• A second compartment 42 is formed within first half 22 and an opening 44 to second compartment 42 is formed through first inner wall 36. A first partition 46 and end partition 48 extend between first left wall 30 and first right wall 32, wherein first partition 46 is substantially perpendicular to end partition 48. A second partition 50 extends substantially perpendicularly from end partition 48 and from first right wall 32 and is substantially parallel to first partition 46. Second partition 50 has a second semi-circular cut out region 52 defined therein and second partition 50 does not extend to first left wall 30. A third partition 54 extends substantially perpendicularly from first right wall 32 and is substantially parallel to second partition 50. Third partition 54 also defines a third semi-circular cut-out region 56 that is axially aligned with second semi-circular cut out region 52 of second partition 50. A fourth partition 58 extends perpendicularly from first right wall 32 and is substantially perpendicular to third partition 54. Fourth partition 58 also defines a fourth semicircular cut-out region 60. Similar partitions as partitions 50, 54 and 58 extend from first left wall 30 in mirror fashion (not shown).
  • Now also referring to FIGS. 7 and 8, an attaching mechanism 62 has a first member 64 and a second member 66. First member 64 is substantially tubular having a first aperture 68 at a top end 70 and a second aperture 72 at a bottom end 74, wherein said top end 70 curves inwardly such that first aperture 68 has a smaller circumference than second aperture 72. First member 74 has a circumferentially extending first lip 76 that is of sufficient thickness to be received between second partition 50 and third partition 54 when the tag is in an assembled state. In addition, third partition 58 also engages top end 70 of first member 64 when the tag 20 is in an assembled state. When the tag 20 is in an assembled state, first aperture 68 is axially aligned with an orifice 77 defined through first outer wall 34 of first half 22.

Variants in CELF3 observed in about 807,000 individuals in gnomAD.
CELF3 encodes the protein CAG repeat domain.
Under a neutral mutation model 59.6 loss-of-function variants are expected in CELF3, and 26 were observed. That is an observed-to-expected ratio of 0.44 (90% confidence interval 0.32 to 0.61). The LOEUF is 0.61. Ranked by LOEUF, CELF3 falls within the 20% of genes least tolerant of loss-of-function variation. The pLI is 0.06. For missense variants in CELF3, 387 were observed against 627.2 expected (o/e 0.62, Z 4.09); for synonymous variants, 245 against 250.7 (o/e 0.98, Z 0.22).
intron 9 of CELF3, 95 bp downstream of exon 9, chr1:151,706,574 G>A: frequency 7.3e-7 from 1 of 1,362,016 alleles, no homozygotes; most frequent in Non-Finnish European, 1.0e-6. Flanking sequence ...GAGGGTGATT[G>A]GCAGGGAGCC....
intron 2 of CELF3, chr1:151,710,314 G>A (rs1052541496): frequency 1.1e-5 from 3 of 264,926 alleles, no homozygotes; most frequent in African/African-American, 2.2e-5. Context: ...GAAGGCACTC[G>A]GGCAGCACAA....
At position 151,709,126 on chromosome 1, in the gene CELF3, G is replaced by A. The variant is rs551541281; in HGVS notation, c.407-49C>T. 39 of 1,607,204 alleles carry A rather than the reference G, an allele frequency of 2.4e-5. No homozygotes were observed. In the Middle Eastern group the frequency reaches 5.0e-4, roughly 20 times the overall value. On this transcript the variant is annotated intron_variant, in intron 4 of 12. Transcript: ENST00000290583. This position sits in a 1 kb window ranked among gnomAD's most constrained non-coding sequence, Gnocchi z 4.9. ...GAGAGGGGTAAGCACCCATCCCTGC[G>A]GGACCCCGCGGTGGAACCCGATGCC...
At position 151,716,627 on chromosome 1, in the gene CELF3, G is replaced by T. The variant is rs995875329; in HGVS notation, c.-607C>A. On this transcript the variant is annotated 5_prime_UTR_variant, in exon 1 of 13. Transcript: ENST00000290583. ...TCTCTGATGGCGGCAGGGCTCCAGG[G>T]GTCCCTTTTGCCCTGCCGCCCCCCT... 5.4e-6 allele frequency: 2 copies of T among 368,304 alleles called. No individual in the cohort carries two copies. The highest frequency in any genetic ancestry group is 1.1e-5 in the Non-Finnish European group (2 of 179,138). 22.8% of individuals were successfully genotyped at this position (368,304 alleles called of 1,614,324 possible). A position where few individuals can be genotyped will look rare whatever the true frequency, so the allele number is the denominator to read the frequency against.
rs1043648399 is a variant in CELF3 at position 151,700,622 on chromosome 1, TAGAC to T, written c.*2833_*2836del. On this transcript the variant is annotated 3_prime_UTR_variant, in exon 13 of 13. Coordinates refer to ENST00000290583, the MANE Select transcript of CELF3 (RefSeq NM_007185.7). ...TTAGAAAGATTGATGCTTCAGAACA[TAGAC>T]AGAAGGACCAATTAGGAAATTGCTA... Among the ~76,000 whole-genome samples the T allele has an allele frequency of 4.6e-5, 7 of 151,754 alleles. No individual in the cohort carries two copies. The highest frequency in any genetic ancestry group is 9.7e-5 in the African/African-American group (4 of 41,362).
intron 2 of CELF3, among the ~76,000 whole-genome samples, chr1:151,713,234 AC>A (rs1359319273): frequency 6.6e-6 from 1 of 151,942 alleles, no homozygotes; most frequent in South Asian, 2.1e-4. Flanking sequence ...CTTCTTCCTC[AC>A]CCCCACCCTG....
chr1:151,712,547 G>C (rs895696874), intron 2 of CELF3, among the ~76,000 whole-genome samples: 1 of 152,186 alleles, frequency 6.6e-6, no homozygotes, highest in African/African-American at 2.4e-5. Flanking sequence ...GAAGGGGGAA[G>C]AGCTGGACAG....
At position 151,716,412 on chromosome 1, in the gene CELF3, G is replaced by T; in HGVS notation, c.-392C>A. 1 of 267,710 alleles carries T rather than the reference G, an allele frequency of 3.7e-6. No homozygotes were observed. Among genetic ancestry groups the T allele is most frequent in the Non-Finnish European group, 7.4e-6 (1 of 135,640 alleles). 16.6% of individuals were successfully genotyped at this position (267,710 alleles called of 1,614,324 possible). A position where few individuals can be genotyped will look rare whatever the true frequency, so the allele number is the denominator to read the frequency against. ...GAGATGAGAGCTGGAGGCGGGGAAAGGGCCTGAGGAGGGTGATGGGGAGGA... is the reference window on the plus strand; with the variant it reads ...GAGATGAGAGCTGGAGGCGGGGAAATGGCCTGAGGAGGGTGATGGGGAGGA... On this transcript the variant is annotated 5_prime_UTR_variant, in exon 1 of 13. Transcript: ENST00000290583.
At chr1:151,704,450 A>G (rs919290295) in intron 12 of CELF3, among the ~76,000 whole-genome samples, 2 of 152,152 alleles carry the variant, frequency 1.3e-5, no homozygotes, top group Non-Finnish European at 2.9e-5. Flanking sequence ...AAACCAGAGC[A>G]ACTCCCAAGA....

• Second member 66 has a domed end 78 and a third aperture 80 defined at an opposing end 82. A circumferential second lip 84 extends outwardly from second member 66 at a region closer to opposing end 82. The domed end 78 extends through first aperture 68 of first member 64 such that second lip 84 engages top end 70 thereof and is securely maintained therein. The domed end 78 further extends through orifice 77 when tag 20 is in an assembled state. A first resilient means 86 is received and maintained within the domed end 78, and in a preferred embodiment, first resilient means 86 is a spring. An attaching member 88 has a base region 90 and an elongated attaching region 92 and attaching member 88 is slideably received within second member 66 and engages first resilient means 86 at the base region 90 such that attaching region 92 extends away from domed end 78. Resilient means 86 is positioned for forcing attaching member 88 toward third aperture 80. Attaching member 88 is made of a material that responds to magnetic forces and in a preferred embodiment is made of stainless steel. A second resilient means 94, which in a preferred embodiment is a spring, engages second lip 84 and extends towards third aperture 80.